The tracking was achieved by means of proxy software in the software router, the rXg, produced by RG Nets. The purpose of the tracking is yet unknown, but the front page of RG Nets states: In a brochure, RG Nets state about the rXg box: the rXg is the perfect platform for clear communication, authoritative control and complete cognizance over your RGN end-user population.:Contemporary profitable IP RGNs extract revenue from the end-user community through a combination of direct and indirect mechanisms. The classic IP RGN business model that focuses on direct billing of end-users is giving way to hybrid models that employ advertising, user profiling and premium services with automated up-sell.:Inspecting, recording and understanding how end-users consume the available resources as well as how they interact with the offered service levels is a critically important aspect of operating an RGN.: Around October 2014, Access Media 3 responded to the original author that broke the story admitting to using a Man-in-the-middle attack to insert HTML code into unsecured, non-SSL websites as an "advertising tool".

Many of you have approached me about the pop up residents see. I do. Access Media 3 does not track users’ web activity, collect identifiable information, nor sell users’ personal information. Aggregate browsing information may be used to deliver an advertisement, more tailored to our users’ perceived interests; the application should have no impact on the user experience. Upon further investigation we found that the system was impacting browsing by creating a small ribbon at the top of the browser. We are working with our developers to correct the case. If you need to share this with your residents please feel free but just wanted you to have the information incase you are asked! Thank you and have a great week! Official Website Upstream Network Official Website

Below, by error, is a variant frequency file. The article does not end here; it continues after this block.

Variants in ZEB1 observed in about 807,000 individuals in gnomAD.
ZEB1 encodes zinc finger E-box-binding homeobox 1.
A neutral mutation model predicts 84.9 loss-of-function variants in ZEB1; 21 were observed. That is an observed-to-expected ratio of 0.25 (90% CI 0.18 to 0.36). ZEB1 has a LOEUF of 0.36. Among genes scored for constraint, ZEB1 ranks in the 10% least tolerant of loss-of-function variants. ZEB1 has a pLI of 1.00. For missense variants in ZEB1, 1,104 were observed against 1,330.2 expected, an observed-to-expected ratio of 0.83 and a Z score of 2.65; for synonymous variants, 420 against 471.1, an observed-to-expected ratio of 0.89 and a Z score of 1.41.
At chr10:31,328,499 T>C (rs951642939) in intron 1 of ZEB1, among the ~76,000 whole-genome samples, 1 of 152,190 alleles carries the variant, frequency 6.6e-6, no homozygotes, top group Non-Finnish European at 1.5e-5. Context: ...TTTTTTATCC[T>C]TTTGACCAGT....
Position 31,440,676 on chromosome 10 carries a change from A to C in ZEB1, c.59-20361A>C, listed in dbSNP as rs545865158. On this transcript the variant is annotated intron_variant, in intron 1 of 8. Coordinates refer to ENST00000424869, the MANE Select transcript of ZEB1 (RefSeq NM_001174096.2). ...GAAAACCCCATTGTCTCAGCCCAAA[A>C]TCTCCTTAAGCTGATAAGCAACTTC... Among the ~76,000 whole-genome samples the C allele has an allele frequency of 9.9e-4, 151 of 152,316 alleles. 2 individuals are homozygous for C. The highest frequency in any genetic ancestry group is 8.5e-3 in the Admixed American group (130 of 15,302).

Russell–Brasstown Scenic Byway

The Russell–Brasstown Scenic Byway is a National Scenic Byway in the U. S. state of Georgia that includes parts of Georgia State Route 17, SR 75, SR 180, SR 75 Alternate, as well as the entire length of SR 348. Surrounded by the beauty of the Chattahoochee-Oconee National Forest, the byway winds through the valleys and mountain gaps of the southern Appalachian Mountains. From the vistas atop Brasstown Bald to the cooling mists of waterfalls, scenic wonders fill this region; the byway forms a loop starting northwest of Helen, at the junction of SR 17/SR 75 and SR 75 Alternate. From there, it follows SR 17/SR 75 north to a junction with SR 180 in the Chattahoochee-Oconee National Forest; the byway turns west on SR 180 with an optional detour to the Brasstown Bald Visitor Center on SR 180 Spur. It follows SR 180 westward and southwestward to SR 348 in Choestoe and southeast back to SR 75 Alternate before turning northeast, back to SR 17/SR 75. Russell–Brasstown Scenic Byway is not part of the National Highway System, a system of roadways important to the nation's economy and mobility.